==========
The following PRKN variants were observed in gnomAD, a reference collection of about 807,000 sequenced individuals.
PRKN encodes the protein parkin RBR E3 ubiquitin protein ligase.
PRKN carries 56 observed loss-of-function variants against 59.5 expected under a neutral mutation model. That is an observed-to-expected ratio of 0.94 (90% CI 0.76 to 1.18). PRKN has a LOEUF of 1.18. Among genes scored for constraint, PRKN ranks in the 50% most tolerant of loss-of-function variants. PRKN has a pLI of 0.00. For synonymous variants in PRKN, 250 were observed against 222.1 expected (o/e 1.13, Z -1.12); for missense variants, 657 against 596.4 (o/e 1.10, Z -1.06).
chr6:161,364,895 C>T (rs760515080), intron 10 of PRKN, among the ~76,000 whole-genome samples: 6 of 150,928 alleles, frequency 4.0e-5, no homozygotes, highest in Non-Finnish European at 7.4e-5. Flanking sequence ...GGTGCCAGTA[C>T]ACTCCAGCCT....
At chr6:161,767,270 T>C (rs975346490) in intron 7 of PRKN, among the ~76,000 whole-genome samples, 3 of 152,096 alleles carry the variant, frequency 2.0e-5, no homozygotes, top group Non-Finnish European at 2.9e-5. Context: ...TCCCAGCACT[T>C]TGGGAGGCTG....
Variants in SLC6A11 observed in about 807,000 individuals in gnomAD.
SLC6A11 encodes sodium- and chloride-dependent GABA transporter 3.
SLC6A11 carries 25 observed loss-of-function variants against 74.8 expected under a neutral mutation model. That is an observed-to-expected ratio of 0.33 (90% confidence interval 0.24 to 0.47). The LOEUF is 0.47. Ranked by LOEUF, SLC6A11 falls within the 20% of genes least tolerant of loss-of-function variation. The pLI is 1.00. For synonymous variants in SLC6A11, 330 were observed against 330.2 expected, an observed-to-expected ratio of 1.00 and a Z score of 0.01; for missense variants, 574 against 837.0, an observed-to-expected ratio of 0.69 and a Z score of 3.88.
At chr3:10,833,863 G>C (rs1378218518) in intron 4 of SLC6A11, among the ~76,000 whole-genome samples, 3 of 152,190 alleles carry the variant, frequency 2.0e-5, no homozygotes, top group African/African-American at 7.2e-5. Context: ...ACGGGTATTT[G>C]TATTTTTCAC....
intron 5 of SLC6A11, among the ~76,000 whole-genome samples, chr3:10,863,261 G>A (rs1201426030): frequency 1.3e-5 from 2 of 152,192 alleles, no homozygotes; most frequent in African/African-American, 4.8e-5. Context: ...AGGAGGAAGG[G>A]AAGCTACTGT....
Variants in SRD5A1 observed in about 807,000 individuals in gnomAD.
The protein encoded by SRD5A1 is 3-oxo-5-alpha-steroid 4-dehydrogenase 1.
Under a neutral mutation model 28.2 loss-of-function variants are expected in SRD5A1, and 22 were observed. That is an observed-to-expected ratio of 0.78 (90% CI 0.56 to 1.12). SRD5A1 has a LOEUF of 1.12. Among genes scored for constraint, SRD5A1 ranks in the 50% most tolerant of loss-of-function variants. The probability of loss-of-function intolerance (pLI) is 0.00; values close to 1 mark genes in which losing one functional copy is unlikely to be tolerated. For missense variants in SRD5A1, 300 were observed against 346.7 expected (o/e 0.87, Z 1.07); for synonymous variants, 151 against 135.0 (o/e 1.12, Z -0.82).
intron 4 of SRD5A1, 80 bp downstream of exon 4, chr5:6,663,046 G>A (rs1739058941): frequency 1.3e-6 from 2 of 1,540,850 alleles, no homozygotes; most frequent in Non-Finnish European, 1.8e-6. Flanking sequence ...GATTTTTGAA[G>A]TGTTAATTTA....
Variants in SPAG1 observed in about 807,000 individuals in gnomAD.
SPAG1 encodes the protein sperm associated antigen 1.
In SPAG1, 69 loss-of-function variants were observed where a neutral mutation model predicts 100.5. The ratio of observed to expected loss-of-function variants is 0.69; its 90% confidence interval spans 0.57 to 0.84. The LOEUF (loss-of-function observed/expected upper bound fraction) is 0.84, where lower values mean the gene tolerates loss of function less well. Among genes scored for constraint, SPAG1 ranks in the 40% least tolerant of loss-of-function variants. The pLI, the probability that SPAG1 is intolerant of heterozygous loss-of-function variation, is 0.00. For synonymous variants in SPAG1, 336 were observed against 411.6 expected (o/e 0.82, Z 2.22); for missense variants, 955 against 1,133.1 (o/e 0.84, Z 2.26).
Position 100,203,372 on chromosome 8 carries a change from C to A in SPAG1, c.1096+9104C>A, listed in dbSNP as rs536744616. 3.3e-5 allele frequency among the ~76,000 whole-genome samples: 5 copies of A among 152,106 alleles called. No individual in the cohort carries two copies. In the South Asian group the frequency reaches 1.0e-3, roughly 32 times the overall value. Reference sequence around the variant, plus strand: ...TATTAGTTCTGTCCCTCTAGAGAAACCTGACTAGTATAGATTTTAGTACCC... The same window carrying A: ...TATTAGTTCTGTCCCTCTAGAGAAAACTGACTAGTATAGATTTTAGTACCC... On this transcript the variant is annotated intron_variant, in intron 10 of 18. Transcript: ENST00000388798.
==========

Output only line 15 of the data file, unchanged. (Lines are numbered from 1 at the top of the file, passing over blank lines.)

Variants in SPAG1 observed in about 807,000 individuals in gnomAD.